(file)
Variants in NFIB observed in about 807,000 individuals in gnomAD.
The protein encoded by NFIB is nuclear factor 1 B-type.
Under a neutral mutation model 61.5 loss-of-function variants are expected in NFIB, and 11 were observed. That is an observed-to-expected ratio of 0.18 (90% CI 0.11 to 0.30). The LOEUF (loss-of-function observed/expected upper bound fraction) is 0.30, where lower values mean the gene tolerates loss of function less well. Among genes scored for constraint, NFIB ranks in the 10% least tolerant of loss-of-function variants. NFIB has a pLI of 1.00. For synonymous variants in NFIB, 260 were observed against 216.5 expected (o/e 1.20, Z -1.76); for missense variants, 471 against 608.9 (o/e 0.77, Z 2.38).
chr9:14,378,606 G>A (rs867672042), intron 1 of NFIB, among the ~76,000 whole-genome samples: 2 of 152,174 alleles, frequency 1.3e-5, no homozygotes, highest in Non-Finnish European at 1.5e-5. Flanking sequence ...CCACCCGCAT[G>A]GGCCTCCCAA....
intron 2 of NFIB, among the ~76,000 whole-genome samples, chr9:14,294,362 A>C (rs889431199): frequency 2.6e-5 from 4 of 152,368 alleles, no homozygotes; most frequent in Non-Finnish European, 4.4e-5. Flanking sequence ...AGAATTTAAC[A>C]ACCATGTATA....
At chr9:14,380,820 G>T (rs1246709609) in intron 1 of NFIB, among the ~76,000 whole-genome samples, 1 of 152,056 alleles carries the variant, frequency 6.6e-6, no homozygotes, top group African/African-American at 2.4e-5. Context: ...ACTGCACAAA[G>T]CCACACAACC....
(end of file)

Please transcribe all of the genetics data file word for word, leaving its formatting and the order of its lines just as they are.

Variants in NFIB observed in about 807,000 individuals in gnomAD.
The protein encoded by NFIB is nuclear factor 1 B-type.
Under a neutral mutation model 61.5 loss-of-function variants are expected in NFIB, and 11 were observed. That is an observed-to-expected ratio of 0.18 (90% CI 0.11 to 0.30). The LOEUF (loss-of-function observed/expected upper bound fraction) is 0.30, where lower values mean the gene tolerates loss of function less well. Among genes scored for constraint, NFIB ranks in the 10% least tolerant of loss-of-function variants. NFIB has a pLI of 1.00. For synonymous variants in NFIB, 260 were observed against 216.5 expected (o/e 1.20, Z -1.76); for missense variants, 471 against 608.9 (o/e 0.77, Z 2.38).
chr9:14,378,606 G>A (rs867672042), intron 1 of NFIB, among the ~76,000 whole-genome samples: 2 of 152,174 alleles, frequency 1.3e-5, no homozygotes, highest in Non-Finnish European at 1.5e-5. Flanking sequence ...CCACCCGCAT[G>A]GGCCTCCCAA....
intron 2 of NFIB, among the ~76,000 whole-genome samples, chr9:14,294,362 A>C (rs889431199): frequency 2.6e-5 from 4 of 152,368 alleles, no homozygotes; most frequent in Non-Finnish European, 4.4e-5. Flanking sequence ...AGAATTTAAC[A>C]ACCATGTATA....
At chr9:14,380,820 G>T (rs1246709609) in intron 1 of NFIB, among the ~76,000 whole-genome samples, 1 of 152,056 alleles carries the variant, frequency 6.6e-6, no homozygotes, top group African/African-American at 2.4e-5. Context: ...ACTGCACAAA[G>T]CCACACAACC....